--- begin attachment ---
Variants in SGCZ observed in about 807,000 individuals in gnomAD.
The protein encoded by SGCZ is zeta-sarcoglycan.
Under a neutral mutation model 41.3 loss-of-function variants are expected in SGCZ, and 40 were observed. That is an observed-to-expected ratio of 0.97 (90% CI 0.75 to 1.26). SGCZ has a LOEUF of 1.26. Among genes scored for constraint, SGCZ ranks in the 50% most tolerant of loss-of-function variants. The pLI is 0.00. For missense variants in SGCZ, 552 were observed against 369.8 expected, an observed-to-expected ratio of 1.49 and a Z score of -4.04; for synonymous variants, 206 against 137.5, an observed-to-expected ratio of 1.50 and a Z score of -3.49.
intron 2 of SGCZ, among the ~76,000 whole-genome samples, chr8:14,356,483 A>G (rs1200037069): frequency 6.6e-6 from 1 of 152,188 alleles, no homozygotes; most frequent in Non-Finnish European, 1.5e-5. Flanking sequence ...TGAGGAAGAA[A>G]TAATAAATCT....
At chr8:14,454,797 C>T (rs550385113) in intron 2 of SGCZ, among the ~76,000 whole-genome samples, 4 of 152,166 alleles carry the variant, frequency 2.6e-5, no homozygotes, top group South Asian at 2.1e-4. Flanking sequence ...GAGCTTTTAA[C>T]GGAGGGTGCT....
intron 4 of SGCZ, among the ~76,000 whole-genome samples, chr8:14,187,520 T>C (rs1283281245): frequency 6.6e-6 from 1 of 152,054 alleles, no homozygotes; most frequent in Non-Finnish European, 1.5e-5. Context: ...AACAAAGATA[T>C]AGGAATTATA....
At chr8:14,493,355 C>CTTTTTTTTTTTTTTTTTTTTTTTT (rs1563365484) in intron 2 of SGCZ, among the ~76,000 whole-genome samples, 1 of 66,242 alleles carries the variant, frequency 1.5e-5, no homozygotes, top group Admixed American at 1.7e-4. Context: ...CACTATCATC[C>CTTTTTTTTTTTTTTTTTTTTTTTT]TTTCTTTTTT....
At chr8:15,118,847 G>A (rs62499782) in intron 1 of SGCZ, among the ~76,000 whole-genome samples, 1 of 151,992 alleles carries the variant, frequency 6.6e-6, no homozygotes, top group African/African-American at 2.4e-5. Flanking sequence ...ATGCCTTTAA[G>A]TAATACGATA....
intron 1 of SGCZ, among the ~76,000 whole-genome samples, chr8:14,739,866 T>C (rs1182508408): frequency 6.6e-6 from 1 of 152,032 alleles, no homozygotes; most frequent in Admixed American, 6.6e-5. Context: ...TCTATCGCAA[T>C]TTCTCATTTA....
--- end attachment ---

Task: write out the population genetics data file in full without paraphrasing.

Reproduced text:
Variants in SGCZ observed in about 807,000 individuals in gnomAD.
The protein encoded by SGCZ is zeta-sarcoglycan.
Under a neutral mutation model 41.3 loss-of-function variants are expected in SGCZ, and 40 were observed. That is an observed-to-expected ratio of 0.97 (90% CI 0.75 to 1.26). SGCZ has a LOEUF of 1.26. Among genes scored for constraint, SGCZ ranks in the 50% most tolerant of loss-of-function variants. The pLI is 0.00. For missense variants in SGCZ, 552 were observed against 369.8 expected, an observed-to-expected ratio of 1.49 and a Z score of -4.04; for synonymous variants, 206 against 137.5, an observed-to-expected ratio of 1.50 and a Z score of -3.49.
intron 2 of SGCZ, among the ~76,000 whole-genome samples, chr8:14,356,483 A>G (rs1200037069): frequency 6.6e-6 from 1 of 152,188 alleles, no homozygotes; most frequent in Non-Finnish European, 1.5e-5. Flanking sequence ...TGAGGAAGAA[A>G]TAATAAATCT....
At chr8:14,454,797 C>T (rs550385113) in intron 2 of SGCZ, among the ~76,000 whole-genome samples, 4 of 152,166 alleles carry the variant, frequency 2.6e-5, no homozygotes, top group South Asian at 2.1e-4. Flanking sequence ...GAGCTTTTAA[C>T]GGAGGGTGCT....
intron 4 of SGCZ, among the ~76,000 whole-genome samples, chr8:14,187,520 T>C (rs1283281245): frequency 6.6e-6 from 1 of 152,054 alleles, no homozygotes; most frequent in Non-Finnish European, 1.5e-5. Context: ...AACAAAGATA[T>C]AGGAATTATA....
At chr8:14,493,355 C>CTTTTTTTTTTTTTTTTTTTTTTTT (rs1563365484) in intron 2 of SGCZ, among the ~76,000 whole-genome samples, 1 of 66,242 alleles carries the variant, frequency 1.5e-5, no homozygotes, top group Admixed American at 1.7e-4. Context: ...CACTATCATC[C>CTTTTTTTTTTTTTTTTTTTTTTTT]TTTCTTTTTT....
At chr8:15,118,847 G>A (rs62499782) in intron 1 of SGCZ, among the ~76,000 whole-genome samples, 1 of 151,992 alleles carries the variant, frequency 6.6e-6, no homozygotes, top group African/African-American at 2.4e-5. Flanking sequence ...ATGCCTTTAA[G>A]TAATACGATA....
intron 1 of SGCZ, among the ~76,000 whole-genome samples, chr8:14,739,866 T>C (rs1182508408): frequency 6.6e-6 from 1 of 152,032 alleles, no homozygotes; most frequent in Admixed American, 6.6e-5. Context: ...TCTATCGCAA[T>C]TTCTCATTTA....